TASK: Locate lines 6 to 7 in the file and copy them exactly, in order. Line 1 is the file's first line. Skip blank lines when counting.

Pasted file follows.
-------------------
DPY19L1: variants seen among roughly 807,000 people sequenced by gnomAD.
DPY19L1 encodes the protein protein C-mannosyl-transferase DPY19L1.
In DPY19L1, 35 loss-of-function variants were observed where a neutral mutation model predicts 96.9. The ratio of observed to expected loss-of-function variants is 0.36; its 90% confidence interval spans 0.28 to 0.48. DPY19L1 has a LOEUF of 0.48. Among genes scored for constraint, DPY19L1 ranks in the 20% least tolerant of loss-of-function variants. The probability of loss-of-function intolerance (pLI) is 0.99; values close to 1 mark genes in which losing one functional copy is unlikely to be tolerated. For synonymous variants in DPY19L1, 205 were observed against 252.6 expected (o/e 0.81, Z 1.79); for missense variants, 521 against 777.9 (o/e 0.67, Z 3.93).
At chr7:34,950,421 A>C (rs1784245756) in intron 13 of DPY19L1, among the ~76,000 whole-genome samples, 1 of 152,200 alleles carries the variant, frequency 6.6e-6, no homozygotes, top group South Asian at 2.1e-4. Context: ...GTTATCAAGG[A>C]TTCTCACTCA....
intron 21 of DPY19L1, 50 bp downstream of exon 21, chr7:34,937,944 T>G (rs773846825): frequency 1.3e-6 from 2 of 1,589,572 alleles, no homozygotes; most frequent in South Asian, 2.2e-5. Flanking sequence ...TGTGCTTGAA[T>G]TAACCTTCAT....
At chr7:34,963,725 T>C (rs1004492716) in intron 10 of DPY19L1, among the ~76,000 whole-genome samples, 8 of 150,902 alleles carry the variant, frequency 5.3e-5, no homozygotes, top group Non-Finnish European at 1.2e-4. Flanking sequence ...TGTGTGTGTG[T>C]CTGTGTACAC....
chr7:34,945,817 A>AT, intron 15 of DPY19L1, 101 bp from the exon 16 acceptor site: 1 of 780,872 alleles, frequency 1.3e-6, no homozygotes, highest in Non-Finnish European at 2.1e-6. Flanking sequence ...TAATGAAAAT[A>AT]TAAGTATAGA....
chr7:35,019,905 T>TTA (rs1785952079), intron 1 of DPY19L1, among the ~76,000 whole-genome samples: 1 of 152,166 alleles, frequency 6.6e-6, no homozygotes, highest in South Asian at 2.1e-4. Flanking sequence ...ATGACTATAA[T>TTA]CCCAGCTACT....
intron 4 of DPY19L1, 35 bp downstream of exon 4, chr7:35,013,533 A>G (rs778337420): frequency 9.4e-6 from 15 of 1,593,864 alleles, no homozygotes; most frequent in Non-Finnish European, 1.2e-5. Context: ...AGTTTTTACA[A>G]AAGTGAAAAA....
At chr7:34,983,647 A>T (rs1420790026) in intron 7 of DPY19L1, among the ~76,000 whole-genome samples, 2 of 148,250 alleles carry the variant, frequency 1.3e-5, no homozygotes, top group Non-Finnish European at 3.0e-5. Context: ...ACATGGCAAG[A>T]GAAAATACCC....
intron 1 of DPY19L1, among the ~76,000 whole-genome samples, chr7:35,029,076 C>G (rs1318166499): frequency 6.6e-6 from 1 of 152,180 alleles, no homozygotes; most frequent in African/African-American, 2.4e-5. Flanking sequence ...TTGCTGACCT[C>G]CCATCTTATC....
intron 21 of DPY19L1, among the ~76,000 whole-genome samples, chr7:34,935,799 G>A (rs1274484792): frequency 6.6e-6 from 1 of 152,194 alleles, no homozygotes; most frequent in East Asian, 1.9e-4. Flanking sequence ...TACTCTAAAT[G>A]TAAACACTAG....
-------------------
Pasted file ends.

At chr7:34,963,725 T>C (rs1004492716) in intron 10 of DPY19L1, among the ~76,000 whole-genome samples, 8 of 150,902 alleles carry the variant, frequency 5.3e-5, no homozygotes, top group Non-Finnish European at 1.2e-4. Flanking sequence ...TGTGTGTGTG[T>C]CTGTGTACAC....
chr7:34,945,817 A>AT, intron 15 of DPY19L1, 101 bp from the exon 16 acceptor site: 1 of 780,872 alleles, frequency 1.3e-6, no homozygotes, highest in Non-Finnish European at 2.1e-6. Flanking sequence ...TAATGAAAAT[A>AT]TAAGTATAGA....